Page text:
Young Power Systems Professional Organizations Go Global
November 1, 2010 Dan Burger
The IBM i community needs new blood. We joke about the gray hairs and the no hairs, the beards and the pot bellies. It’s surprising you don’t find Geritol tonic and Revitol wrinkle cream as the official sponsors of the annual COMMON conference. You can almost see the retirement barn from where much of this herd is pastured. But in case you haven’t noticed, there are whippersnappers among us–young professionals with enthusiasm for the platform and a desire to network with others and eager to mix the best of the old and the new.
The YiPs (Young i Professionals) have been making a commotion in the United States for more than five years. Now comes word from across the Atlantic that the youth movement is spreading. Our friend Ranga Deshpande, vice president of COMMON Europe and Belgium, let us know last week that a new Power Systems professional organization has taken root in the home of beer and chocolate.
Frank Soltis, former IBM chief scientist, was in Antwerp, Belgium, in mid-October for the COMMON Belgium conference that launched a young professionals’ organization in that country. Soltis was a keynote speaker at the event, which was held at University College. The location was not happenstance. It was chosen specifically to introduce the information technology students there to COMMON and IBM.
Is there some sort of a trick going on? Perhaps helping young people discover an old idea and letting them think it’s their own? Just a thought.
The new youth-oriented networking group in Belgium calls themselves YiPPs–that’s with two Ps, please. The reason being because they are the Young inspired Power Professionals. The idea, Deshpande notes, sprang from the way the more commonly spelled YiPs organization has blossomed.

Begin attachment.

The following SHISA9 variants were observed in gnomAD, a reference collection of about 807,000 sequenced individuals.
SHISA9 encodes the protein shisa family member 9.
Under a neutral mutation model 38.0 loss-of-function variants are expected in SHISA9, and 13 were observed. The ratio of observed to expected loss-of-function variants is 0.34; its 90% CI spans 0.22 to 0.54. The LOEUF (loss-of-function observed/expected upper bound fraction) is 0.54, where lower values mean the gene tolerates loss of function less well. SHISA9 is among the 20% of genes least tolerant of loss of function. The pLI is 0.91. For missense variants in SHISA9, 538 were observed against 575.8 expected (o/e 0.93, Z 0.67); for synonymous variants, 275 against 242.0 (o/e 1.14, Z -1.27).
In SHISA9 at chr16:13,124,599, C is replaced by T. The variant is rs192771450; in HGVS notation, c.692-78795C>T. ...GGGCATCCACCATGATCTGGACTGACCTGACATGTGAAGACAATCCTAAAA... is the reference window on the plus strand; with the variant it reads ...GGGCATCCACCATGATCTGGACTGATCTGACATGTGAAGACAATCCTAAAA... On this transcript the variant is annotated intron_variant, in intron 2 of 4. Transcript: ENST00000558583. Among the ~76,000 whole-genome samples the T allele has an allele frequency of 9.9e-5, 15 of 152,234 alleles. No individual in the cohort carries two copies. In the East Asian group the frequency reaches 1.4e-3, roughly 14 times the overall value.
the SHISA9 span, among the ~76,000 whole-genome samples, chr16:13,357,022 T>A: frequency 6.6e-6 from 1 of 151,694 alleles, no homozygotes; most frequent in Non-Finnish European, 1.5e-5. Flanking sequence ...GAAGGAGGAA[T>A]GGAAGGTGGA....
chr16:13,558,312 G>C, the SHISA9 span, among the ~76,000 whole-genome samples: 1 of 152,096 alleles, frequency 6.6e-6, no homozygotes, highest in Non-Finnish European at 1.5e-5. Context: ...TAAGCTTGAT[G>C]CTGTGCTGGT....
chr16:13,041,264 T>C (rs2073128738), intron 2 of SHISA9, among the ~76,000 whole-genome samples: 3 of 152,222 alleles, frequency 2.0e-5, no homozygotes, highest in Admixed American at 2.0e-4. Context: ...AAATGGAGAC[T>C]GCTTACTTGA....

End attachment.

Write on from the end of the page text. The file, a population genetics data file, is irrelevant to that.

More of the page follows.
“There is clearly a lot of interest for this type of networking,” Deshpande said in an interview with the IBM Belgium magazine called Inspire. “Through the Web site, young professionals share their experience, not only about technology, but also about general work-related themes. How you can prepare for a job interview, for example, or what information you include in your resume. Networking, that is what it is all about.”
One of the motivations for networking is education. And you can’t discount the value professional networking brings to learning. But you can’t overlook the motivation of money. In order to make money, you have to find jobs. The YiPPs initiative is attempting to become an employment conduit connecting talented graduates and those in the early stages of their careers with companies seeking talent and specific skills related to IBM Power Systems running i, AIX, and/or Linux.
It’s good to see a youth-oriented network grow and extend its resources internationally. Problems and solutions don’t seem to recognize international borders. Simplified to bumper sticker thinking: Think Globally–Act Locally.
One of the leaders of the African YiPs organization, Richard Ogbechie, was a guest at the COMMON Annual Meeting and Exposition in Orlando earlier this year. In a conversation I had with him there, Ogbechie fully grasped the importance networking brings to learning, but he was focused on coming to grips with improving the connections between job seekers and companies filling IT department positions. Ogbechie met with many of the YiPs that live and work in the United States while at COMMON and found many of the same frustrations exist here, albeit not to the same degree found in Africa.
We continue to hear that companies can’t find people with the necessary skills and people with skills can’t find work. Building a better bridge between employer and potential employee is something the young professional organizations hope to accomplish. It’s going to be a strong magnet if it is accomplished. It’s going to throw cold water on a lot of the young people that are needed in the IBM i community if it doesn’t.